IVUS Use During Peripheral Arterial Intervention Lowers Risk of Major Adverse Limb Events

Use of IVUS is associated with improved limb outcomes when included as part of the peripheral arterial intervention procedure.

Intravascular ultrasound (IVUS) use during lower extremity peripheral arterial intervention is associated with a lower risk of short- and long-term major adverse limb events, according to study findings published in the Journal of the American College of Cardiology: Cardiovascular Interventions.

Investigators sought to study practice variation, temporal trends, and associated outcomes with the use of IVUS during peripheral arterial intervention. The primary outcome was major adverse limb events, defined as a composite of acute limb ischemia or major lower extremity amputation.

The investigators conducted an observational analysis of all Medicare beneficiaries greater than 65 years of age who underwent peripheral arterial interventions from 2016 through 2019 patients (N=479,756) and used IVUS (n=63,372). Temporal trends in IVUS were stratified based on physician specialty and whether the procedure was done in an inpatient, outpatient, or ambulatory surgery center/office-based laboratory settings.

Use of IVUS during peripheral arterial intervention was greater in ambulatory surgery center/office-based laboratory settings (26.8%) compared with outpatient (5.2%) or inpatient (4.0%) settings, and was performed by interventional radiologists (17.4%), surgeons (11.5%), cardiologists (10.3%), or other physician specialties (10.4%).

IVUS use during PVI has increased since 2016, driven by growth in the ASC/OBL setting.

The investigators found significant growth in IVUS use in the ambulatory surgery center/office-based laboratory setting (2016 to 2019 growth, 23.6%) and noted significant variation in use. Among the 12,844 operators included in the study, the mean use of IVUS during peripheral arterial intervention was 6.5% (median, 0.0%; IQR, 0%-5%). Among operators who used IVUS at least once during the study period (N=3822), mean use was 13.4% (median 5.4%; IQR 2.2%-15.0%).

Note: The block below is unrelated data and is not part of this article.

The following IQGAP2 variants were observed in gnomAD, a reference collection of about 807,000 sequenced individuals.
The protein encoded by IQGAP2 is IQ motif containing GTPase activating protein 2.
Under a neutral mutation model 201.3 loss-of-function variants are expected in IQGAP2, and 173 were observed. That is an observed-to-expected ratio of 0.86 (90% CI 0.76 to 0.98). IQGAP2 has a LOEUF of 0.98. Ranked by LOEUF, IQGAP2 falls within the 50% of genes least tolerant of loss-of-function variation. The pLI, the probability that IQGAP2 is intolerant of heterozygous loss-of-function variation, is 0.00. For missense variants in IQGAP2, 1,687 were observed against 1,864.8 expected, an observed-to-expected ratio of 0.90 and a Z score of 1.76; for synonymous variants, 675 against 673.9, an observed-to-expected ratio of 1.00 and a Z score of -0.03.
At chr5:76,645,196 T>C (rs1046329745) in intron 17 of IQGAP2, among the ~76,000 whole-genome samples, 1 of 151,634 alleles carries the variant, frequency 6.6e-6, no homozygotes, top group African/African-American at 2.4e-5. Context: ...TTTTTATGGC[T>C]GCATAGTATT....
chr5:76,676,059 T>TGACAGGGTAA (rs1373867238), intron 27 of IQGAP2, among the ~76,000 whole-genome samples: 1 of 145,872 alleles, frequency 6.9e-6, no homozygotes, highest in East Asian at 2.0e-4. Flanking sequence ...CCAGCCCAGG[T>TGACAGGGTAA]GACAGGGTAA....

The investigators observed that use of IVUS during peripheral arterial intervention was associated with a 28% reduction in the hazard ratio (HR) for developing major adverse limb events through a median of 514 days (adjusted HR, 0.73; 95% CI, 0.70-0.75; P <.0001). Similar reductions were found in the composite outcomes, acute limb ischemia (adjusted HR, 0.82; 95% CI, 0.78-0.87; P <.0001) and major amputation (adjusted HR, 0.69; 95% CI, 0.66-0.71); P <.0001). Similar findings were noted with stratification by severity of peripheral artery disease, and by anatomic location of peripheral arterial intervention.

Analysis limitations include ambiguity of claim codes, claim codes that do not explain how IVUS was incorporated into procedures resulting in possible misclassification, observational study design, lack of detailed procedural and clinical information, exclusion of patients who underwent unsuccessful endovascular revascularization, and the possibility of residual and unmeasured confounding.

Investigators concluded “IVUS use during PVI [peripheral arterial intervention] has increased since 2016, driven by growth in the ASC/OBL [ambulatory surgery center/office-based laboratory] setting.” They reiterated the substantial variation in operator practice and added “When used during PVI [peripheral arterial intervention], IVUS was associated with a lower risk of short- and long-term MALE [major adverse limb events].”

Disclosure: Some study authors declared affiliations with biotech, pharmaceutical, and/or device companies. Please see the original reference for a full list of authors’ disclosures.


Divakaran S, Parikh SA, Hawkins BM, et al. Temporal trends, practice variation, and associated outcomes with IVUS use during peripheral arterial intervention. JACC Cardiovasc Interv. Published online October 24, 2022;15(20):2080-2090. doi:10.1016/j.jcin.2022.07.050